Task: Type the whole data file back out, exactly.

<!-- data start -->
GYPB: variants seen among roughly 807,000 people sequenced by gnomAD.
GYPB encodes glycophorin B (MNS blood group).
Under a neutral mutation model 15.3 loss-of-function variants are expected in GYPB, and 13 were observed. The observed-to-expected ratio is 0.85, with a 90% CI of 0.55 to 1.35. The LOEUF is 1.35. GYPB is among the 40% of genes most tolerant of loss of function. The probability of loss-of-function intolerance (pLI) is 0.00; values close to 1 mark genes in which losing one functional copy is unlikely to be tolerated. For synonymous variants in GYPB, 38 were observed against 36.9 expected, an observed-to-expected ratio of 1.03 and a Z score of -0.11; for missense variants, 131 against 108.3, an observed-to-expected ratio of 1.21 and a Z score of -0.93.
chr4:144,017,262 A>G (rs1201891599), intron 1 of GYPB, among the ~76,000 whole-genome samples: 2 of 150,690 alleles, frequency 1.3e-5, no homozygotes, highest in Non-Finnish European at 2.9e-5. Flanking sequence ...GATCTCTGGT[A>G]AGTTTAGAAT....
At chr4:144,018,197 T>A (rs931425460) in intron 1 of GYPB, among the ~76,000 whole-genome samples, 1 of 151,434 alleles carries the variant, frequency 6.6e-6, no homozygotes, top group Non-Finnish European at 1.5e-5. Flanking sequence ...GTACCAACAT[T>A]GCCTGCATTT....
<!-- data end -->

GYPB: variants seen among roughly 807,000 people sequenced by gnomAD.
GYPB encodes glycophorin B (MNS blood group).
Under a neutral mutation model 15.3 loss-of-function variants are expected in GYPB, and 13 were observed. The observed-to-expected ratio is 0.85, with a 90% CI of 0.55 to 1.35. The LOEUF is 1.35. GYPB is among the 40% of genes most tolerant of loss of function. The probability of loss-of-function intolerance (pLI) is 0.00; values close to 1 mark genes in which losing one functional copy is unlikely to be tolerated. For synonymous variants in GYPB, 38 were observed against 36.9 expected, an observed-to-expected ratio of 1.03 and a Z score of -0.11; for missense variants, 131 against 108.3, an observed-to-expected ratio of 1.21 and a Z score of -0.93.
chr4:144,017,262 A>G (rs1201891599), intron 1 of GYPB, among the ~76,000 whole-genome samples: 2 of 150,690 alleles, frequency 1.3e-5, no homozygotes, highest in Non-Finnish European at 2.9e-5. Flanking sequence ...GATCTCTGGT[A>G]AGTTTAGAAT....
At chr4:144,018,197 T>A (rs931425460) in intron 1 of GYPB, among the ~76,000 whole-genome samples, 1 of 151,434 alleles carries the variant, frequency 6.6e-6, no homozygotes, top group Non-Finnish European at 1.5e-5. Flanking sequence ...GTACCAACAT[T>A]GCCTGCATTT....